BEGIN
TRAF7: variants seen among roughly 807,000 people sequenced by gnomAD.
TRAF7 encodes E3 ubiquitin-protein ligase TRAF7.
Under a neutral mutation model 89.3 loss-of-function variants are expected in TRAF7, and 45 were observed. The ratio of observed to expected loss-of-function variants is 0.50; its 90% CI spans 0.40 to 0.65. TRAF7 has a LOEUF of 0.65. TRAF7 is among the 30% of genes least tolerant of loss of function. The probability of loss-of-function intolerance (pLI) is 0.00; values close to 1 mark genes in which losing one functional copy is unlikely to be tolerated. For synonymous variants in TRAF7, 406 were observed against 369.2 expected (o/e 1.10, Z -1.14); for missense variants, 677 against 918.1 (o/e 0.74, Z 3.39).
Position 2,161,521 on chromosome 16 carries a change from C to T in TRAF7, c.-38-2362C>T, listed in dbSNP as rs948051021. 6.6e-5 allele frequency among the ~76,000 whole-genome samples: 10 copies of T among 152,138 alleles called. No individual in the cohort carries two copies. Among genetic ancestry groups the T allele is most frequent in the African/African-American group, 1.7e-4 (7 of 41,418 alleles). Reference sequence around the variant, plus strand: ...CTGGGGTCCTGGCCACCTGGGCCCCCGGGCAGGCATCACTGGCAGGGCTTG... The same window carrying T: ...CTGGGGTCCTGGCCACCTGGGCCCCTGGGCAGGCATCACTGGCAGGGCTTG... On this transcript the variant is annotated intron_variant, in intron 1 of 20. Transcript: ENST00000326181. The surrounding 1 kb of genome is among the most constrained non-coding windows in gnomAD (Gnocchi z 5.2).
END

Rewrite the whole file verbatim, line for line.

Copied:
TRAF7: variants seen among roughly 807,000 people sequenced by gnomAD.
TRAF7 encodes E3 ubiquitin-protein ligase TRAF7.
Under a neutral mutation model 89.3 loss-of-function variants are expected in TRAF7, and 45 were observed. The ratio of observed to expected loss-of-function variants is 0.50; its 90% CI spans 0.40 to 0.65. TRAF7 has a LOEUF of 0.65. TRAF7 is among the 30% of genes least tolerant of loss of function. The probability of loss-of-function intolerance (pLI) is 0.00; values close to 1 mark genes in which losing one functional copy is unlikely to be tolerated. For synonymous variants in TRAF7, 406 were observed against 369.2 expected (o/e 1.10, Z -1.14); for missense variants, 677 against 918.1 (o/e 0.74, Z 3.39).
Position 2,161,521 on chromosome 16 carries a change from C to T in TRAF7, c.-38-2362C>T, listed in dbSNP as rs948051021. 6.6e-5 allele frequency among the ~76,000 whole-genome samples: 10 copies of T among 152,138 alleles called. No individual in the cohort carries two copies. Among genetic ancestry groups the T allele is most frequent in the African/African-American group, 1.7e-4 (7 of 41,418 alleles). Reference sequence around the variant, plus strand: ...CTGGGGTCCTGGCCACCTGGGCCCCCGGGCAGGCATCACTGGCAGGGCTTG... The same window carrying T: ...CTGGGGTCCTGGCCACCTGGGCCCCTGGGCAGGCATCACTGGCAGGGCTTG... On this transcript the variant is annotated intron_variant, in intron 1 of 20. Transcript: ENST00000326181. The surrounding 1 kb of genome is among the most constrained non-coding windows in gnomAD (Gnocchi z 5.2).